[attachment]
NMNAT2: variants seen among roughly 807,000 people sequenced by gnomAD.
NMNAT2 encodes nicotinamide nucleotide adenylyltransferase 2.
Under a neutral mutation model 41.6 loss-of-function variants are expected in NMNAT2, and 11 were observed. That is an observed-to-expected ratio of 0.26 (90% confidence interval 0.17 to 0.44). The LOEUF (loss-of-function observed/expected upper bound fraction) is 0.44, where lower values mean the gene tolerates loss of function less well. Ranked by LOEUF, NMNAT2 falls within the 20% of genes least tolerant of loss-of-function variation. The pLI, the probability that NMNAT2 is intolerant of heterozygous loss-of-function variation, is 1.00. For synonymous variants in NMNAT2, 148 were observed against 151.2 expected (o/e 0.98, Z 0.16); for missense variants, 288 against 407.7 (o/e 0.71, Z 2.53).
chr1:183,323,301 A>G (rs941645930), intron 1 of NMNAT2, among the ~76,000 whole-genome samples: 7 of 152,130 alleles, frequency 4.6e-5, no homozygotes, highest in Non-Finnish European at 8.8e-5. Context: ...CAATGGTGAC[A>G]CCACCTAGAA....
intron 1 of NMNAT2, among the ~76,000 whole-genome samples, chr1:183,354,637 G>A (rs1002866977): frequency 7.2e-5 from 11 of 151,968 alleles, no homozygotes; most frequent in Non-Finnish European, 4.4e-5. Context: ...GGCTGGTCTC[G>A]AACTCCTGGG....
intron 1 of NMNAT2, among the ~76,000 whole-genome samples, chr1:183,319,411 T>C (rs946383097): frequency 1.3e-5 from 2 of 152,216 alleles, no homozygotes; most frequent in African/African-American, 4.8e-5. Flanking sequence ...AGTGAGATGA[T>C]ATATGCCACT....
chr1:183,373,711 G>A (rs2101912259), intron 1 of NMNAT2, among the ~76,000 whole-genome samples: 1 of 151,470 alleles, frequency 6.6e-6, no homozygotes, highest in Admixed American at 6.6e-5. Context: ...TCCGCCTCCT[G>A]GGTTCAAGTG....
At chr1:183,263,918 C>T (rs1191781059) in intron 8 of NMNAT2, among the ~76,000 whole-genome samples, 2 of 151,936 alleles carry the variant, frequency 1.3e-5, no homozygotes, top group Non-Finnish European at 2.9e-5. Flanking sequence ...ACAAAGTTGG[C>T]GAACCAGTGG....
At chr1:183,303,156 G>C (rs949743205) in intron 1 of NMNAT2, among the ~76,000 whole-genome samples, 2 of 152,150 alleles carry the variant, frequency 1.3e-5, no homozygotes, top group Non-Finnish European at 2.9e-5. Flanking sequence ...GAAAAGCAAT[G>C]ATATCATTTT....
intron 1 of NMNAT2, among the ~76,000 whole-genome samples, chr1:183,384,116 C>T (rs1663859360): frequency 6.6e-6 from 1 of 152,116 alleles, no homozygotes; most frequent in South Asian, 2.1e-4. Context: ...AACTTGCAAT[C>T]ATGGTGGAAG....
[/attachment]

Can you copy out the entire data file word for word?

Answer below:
NMNAT2: variants seen among roughly 807,000 people sequenced by gnomAD.
NMNAT2 encodes nicotinamide nucleotide adenylyltransferase 2.
Under a neutral mutation model 41.6 loss-of-function variants are expected in NMNAT2, and 11 were observed. That is an observed-to-expected ratio of 0.26 (90% confidence interval 0.17 to 0.44). The LOEUF (loss-of-function observed/expected upper bound fraction) is 0.44, where lower values mean the gene tolerates loss of function less well. Ranked by LOEUF, NMNAT2 falls within the 20% of genes least tolerant of loss-of-function variation. The pLI, the probability that NMNAT2 is intolerant of heterozygous loss-of-function variation, is 1.00. For synonymous variants in NMNAT2, 148 were observed against 151.2 expected (o/e 0.98, Z 0.16); for missense variants, 288 against 407.7 (o/e 0.71, Z 2.53).
chr1:183,323,301 A>G (rs941645930), intron 1 of NMNAT2, among the ~76,000 whole-genome samples: 7 of 152,130 alleles, frequency 4.6e-5, no homozygotes, highest in Non-Finnish European at 8.8e-5. Context: ...CAATGGTGAC[A>G]CCACCTAGAA....
intron 1 of NMNAT2, among the ~76,000 whole-genome samples, chr1:183,354,637 G>A (rs1002866977): frequency 7.2e-5 from 11 of 151,968 alleles, no homozygotes; most frequent in Non-Finnish European, 4.4e-5. Context: ...GGCTGGTCTC[G>A]AACTCCTGGG....
intron 1 of NMNAT2, among the ~76,000 whole-genome samples, chr1:183,319,411 T>C (rs946383097): frequency 1.3e-5 from 2 of 152,216 alleles, no homozygotes; most frequent in African/African-American, 4.8e-5. Flanking sequence ...AGTGAGATGA[T>C]ATATGCCACT....
chr1:183,373,711 G>A (rs2101912259), intron 1 of NMNAT2, among the ~76,000 whole-genome samples: 1 of 151,470 alleles, frequency 6.6e-6, no homozygotes, highest in Admixed American at 6.6e-5. Context: ...TCCGCCTCCT[G>A]GGTTCAAGTG....
At chr1:183,263,918 C>T (rs1191781059) in intron 8 of NMNAT2, among the ~76,000 whole-genome samples, 2 of 151,936 alleles carry the variant, frequency 1.3e-5, no homozygotes, top group Non-Finnish European at 2.9e-5. Flanking sequence ...ACAAAGTTGG[C>T]GAACCAGTGG....
At chr1:183,303,156 G>C (rs949743205) in intron 1 of NMNAT2, among the ~76,000 whole-genome samples, 2 of 152,150 alleles carry the variant, frequency 1.3e-5, no homozygotes, top group Non-Finnish European at 2.9e-5. Flanking sequence ...GAAAAGCAAT[G>C]ATATCATTTT....
intron 1 of NMNAT2, among the ~76,000 whole-genome samples, chr1:183,384,116 C>T (rs1663859360): frequency 6.6e-6 from 1 of 152,116 alleles, no homozygotes; most frequent in South Asian, 2.1e-4. Context: ...AACTTGCAAT[C>T]ATGGTGGAAG....